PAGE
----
Eating

With Food, Similar Substitutes Are Less Satisfying

While people tend to prefer the food option that’s most similar to the item they can’t have, they’re likely to be more satisfied with the option that diverges a bit. More

  • When choosing between indulgent and healthy foods, your pick may depend on what other foods sit nearby on the grocery shelf. More

    This is a photo of an adult male grocery shopping in a supermarket

    Context Shapes Choice of Healthy Foods

    When choosing between indulgent and healthy foods, your pick may depend on what other foods sit nearby on the grocery shelf. More

  • How much you eat when you’re not really hungry may depend on how well off your family was when you were a child, according to new research published in Psychological Science, a journal of the Association for Psychological Science. “Our research shows that growing up poor promotes eating in the More

    Child reaching for a pink donut with sprinkles

    Early Poverty Disrupts Link Between Hunger and Eating

    How much you eat when you’re not really hungry may depend on how well off your family was when you were a child, according to new research published in Psychological Science, a journal of the Association for Psychological Science. “Our research shows that growing up poor promotes eating in the More

  • Romantic relationships certainly contribute to emotional as well as physical well-being, but studies indicate that people in distressed marriages are at risk for a slew of health problems, including cardiovascular disease, metabolic syndrome, and even early death. Psychological scientist Lisa Jaremka (University of Delaware) and colleagues hypothesized that one way More

    Sushi roll in the shape of a heart

    Rocky Relationships Linked With Unhealthy Diets

    Romantic relationships certainly contribute to emotional as well as physical well-being, but studies indicate that people in distressed marriages are at risk for a slew of health problems, including cardiovascular disease, metabolic syndrome, and even early death. Psychological scientist Lisa Jaremka (University of Delaware) and colleagues hypothesized that one way More

  • Telecommuting may be good for your diet. In a new comprehensive review on the science of telecommuting, psychological scientists Tammy Allen, Timothy Golden, and Kristen Shockley describe both the benefits and drawbacks of working from home. Their in-depth look at current research on telecommuting revealed an unexpected perk: Telecommuting may More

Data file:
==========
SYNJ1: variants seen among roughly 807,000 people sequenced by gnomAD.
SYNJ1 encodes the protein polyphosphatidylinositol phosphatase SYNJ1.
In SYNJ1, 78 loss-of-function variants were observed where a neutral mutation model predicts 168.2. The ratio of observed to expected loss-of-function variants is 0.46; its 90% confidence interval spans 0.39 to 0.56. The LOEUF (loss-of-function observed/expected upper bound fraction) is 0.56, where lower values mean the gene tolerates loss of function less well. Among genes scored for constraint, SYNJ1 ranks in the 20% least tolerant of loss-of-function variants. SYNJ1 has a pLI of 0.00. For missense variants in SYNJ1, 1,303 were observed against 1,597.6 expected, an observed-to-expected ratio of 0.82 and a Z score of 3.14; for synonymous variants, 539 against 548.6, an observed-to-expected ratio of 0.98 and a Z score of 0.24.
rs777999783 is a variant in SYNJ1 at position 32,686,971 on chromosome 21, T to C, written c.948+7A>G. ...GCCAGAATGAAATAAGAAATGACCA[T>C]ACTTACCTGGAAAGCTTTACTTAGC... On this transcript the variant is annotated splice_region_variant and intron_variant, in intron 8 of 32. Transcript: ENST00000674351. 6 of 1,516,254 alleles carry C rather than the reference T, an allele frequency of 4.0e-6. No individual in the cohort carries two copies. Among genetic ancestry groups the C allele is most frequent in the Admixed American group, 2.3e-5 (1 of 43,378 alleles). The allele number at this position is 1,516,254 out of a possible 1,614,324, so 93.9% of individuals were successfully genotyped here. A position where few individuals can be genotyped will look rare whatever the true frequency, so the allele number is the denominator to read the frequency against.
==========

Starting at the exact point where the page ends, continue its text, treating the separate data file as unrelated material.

Businesswoman eating a salad while working

    Hidden Perk to Telework: Healthier Meals

    Telecommuting may be good for your diet. In a new comprehensive review on the science of telecommuting, psychological scientists Tammy Allen, Timothy Golden, and Kristen Shockley describe both the benefits and drawbacks of working from home. Their in-depth look at current research on telecommuting revealed an unexpected perk: Telecommuting may More

  • Depression treatments include both psychotherapy and pharmacotherapy, but a burgeoning area of research points to another potent therapy: nutrition More

    Feeding Mental Health Through Nutritional Interventions

    Depression treatments include both psychotherapy and pharmacotherapy, but a burgeoning area of research points to another potent therapy: nutrition More

  • Considerable research explores the relationship between negative emotion and disordered eating behaviors, such as binge eating and purging. But a new study suggests that positive emotions may also play a role in rewarding and maintaining these kinds of behaviors. “Individuals with eating disorders have long been thought to experience distorted More

    Feet on scale with tape measure in front

    Dysregulated Positive Emotion Predicts Disordered Eating

    Considerable research explores the relationship between negative emotion and disordered eating behaviors, such as binge eating and purging. But a new study suggests that positive emotions may also play a role in rewarding and maintaining these kinds of behaviors. “Individuals with eating disorders have long been thought to experience distorted More

  • Your memory for that last bite of a steak or chocolate cake may be more influential than memory for the first bite in determining when you want to eat it again, according to research published in Psychological Science, a journal of the Association for Psychological Science. Our memories for foods More